China’s New Data Protection Policy Could Serve as a Lesson for the U.S.

China’s new Personal Information Protection Law (PIPL) was recently implemented, and the legislation will have a significant impact on private data protection, both in China and worldwide. While the law prohibits companies from collecting and employing consumer data, it doesn’t extend its reach to the government.

It’s clear that the new law will influence the future of data protection policies, but it also highlights a glaring issue for the U.S., the complete lack of a comprehensive national policy. Should the U.S. take a page out of China’s book when it comes to consumer data privacy?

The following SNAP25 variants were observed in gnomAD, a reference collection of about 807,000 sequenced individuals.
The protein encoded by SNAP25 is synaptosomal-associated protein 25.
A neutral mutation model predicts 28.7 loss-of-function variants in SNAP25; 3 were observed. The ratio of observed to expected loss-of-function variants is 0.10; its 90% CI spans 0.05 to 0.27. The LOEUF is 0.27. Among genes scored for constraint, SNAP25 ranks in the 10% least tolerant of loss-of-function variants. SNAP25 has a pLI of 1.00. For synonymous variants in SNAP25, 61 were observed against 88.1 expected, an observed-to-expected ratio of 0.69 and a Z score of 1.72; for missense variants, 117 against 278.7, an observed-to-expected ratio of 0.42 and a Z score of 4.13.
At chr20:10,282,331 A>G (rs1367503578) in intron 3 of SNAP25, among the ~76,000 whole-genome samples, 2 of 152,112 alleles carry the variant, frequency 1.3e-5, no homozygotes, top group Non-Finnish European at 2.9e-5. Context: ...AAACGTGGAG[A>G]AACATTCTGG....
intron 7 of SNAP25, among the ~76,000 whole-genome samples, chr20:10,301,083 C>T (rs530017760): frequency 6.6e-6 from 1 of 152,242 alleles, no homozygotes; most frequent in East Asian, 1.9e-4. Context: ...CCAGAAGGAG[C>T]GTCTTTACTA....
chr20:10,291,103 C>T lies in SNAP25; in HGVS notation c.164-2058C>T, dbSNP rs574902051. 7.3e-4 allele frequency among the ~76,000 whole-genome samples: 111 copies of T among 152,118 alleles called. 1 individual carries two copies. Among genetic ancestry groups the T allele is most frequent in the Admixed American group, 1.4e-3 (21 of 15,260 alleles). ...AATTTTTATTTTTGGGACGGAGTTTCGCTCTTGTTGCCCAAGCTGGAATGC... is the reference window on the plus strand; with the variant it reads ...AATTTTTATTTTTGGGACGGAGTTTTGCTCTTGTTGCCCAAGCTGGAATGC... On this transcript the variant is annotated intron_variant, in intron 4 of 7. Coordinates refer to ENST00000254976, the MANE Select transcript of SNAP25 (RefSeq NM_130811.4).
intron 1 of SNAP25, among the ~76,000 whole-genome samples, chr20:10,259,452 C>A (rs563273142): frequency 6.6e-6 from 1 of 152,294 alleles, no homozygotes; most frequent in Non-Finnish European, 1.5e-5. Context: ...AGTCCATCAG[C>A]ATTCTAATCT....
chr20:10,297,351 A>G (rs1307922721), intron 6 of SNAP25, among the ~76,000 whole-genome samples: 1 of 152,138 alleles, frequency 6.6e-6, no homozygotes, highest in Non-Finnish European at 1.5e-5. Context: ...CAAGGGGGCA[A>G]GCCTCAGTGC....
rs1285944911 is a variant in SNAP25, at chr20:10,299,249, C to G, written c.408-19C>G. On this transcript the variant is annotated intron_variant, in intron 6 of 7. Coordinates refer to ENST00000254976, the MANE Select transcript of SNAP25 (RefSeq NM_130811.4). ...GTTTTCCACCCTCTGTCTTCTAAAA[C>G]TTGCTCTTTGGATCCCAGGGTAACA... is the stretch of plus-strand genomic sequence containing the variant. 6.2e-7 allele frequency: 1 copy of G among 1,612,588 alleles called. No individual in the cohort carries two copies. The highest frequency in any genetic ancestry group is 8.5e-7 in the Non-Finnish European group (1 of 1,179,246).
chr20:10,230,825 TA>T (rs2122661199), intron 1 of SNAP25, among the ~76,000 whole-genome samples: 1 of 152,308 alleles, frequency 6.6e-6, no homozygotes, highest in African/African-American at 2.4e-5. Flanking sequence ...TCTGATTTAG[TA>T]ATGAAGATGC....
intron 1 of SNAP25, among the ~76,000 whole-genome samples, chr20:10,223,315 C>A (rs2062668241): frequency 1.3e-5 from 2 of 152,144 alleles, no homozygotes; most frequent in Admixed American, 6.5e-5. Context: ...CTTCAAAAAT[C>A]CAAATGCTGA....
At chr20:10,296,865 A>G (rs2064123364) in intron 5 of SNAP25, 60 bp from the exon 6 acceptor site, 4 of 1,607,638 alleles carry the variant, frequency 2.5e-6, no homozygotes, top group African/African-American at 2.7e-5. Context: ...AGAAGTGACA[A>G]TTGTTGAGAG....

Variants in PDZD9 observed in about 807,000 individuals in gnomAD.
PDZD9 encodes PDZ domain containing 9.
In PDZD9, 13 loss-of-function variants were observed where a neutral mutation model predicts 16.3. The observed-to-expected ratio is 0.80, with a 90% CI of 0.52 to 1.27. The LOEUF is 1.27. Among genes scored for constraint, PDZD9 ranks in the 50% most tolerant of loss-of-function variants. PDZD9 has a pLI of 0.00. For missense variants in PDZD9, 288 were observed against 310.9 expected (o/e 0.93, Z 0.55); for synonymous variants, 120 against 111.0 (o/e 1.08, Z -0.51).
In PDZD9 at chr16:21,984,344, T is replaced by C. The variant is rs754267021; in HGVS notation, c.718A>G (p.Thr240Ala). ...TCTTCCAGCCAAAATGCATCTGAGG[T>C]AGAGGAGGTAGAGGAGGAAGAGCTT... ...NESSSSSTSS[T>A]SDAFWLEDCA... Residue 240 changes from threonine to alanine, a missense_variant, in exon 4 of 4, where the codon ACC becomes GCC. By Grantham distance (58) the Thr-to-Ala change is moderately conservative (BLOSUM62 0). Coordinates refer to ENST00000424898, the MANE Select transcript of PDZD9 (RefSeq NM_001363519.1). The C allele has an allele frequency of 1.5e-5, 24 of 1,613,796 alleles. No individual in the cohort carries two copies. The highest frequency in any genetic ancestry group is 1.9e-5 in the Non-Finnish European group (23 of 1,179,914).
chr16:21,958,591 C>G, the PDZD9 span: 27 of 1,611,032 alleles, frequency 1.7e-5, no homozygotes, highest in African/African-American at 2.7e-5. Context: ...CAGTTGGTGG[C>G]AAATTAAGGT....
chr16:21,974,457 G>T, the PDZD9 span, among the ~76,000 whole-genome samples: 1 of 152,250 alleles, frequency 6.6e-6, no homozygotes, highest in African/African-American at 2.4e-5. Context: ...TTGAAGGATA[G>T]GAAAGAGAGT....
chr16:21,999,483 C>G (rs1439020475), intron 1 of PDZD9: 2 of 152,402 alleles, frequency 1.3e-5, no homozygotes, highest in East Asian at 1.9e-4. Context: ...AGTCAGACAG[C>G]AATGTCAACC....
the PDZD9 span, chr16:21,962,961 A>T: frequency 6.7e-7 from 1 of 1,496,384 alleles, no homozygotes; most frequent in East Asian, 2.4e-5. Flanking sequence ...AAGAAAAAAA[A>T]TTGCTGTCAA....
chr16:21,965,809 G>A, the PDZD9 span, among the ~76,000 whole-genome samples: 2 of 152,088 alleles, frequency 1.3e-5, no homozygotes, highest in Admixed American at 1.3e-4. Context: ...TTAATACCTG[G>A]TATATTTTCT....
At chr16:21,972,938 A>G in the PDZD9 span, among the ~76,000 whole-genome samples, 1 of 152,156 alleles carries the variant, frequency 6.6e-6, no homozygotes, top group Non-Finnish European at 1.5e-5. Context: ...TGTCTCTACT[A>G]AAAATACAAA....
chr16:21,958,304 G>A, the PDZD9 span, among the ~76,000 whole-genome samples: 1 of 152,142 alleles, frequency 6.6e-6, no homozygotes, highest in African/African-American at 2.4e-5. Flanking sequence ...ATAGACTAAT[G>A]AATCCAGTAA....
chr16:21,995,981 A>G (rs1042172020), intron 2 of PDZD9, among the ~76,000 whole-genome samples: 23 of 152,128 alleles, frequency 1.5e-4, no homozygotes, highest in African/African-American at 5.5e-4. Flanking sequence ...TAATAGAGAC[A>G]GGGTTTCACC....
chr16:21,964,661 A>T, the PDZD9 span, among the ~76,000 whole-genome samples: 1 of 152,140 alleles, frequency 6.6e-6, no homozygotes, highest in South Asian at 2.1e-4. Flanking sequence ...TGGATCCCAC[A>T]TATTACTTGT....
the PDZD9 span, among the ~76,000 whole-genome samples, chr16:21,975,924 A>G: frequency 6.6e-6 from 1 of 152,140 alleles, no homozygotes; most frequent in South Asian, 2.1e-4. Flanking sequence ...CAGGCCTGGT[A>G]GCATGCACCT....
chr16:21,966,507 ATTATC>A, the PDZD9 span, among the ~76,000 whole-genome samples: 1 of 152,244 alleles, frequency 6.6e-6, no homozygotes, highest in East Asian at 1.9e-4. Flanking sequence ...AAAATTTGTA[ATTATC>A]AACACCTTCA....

It may be surprising to some, but China’s new legislation could be tied to its consumers’ sentiment on data protection. Specifically, Chinese consumers are keenly aware of the significance of their digital privacy.

I have over two decades of experience in the marketing and business development strategies industries for luxury goods and services organizations, with a focus on utilizing consumer data. What I have found is that people don’t just leave digital breadcrumbs online, they leave a literal roadmap of their lives. The plethora of consumer data at my fingerprints was one of the primary reasons I went on to co-found Hush, a comprehensive digital privacy protection solution.

My years of experience in the field lent insight into consumer sentiment over digital privacy across the globe, and interestingly enough, into how Chinese and American consumers differ.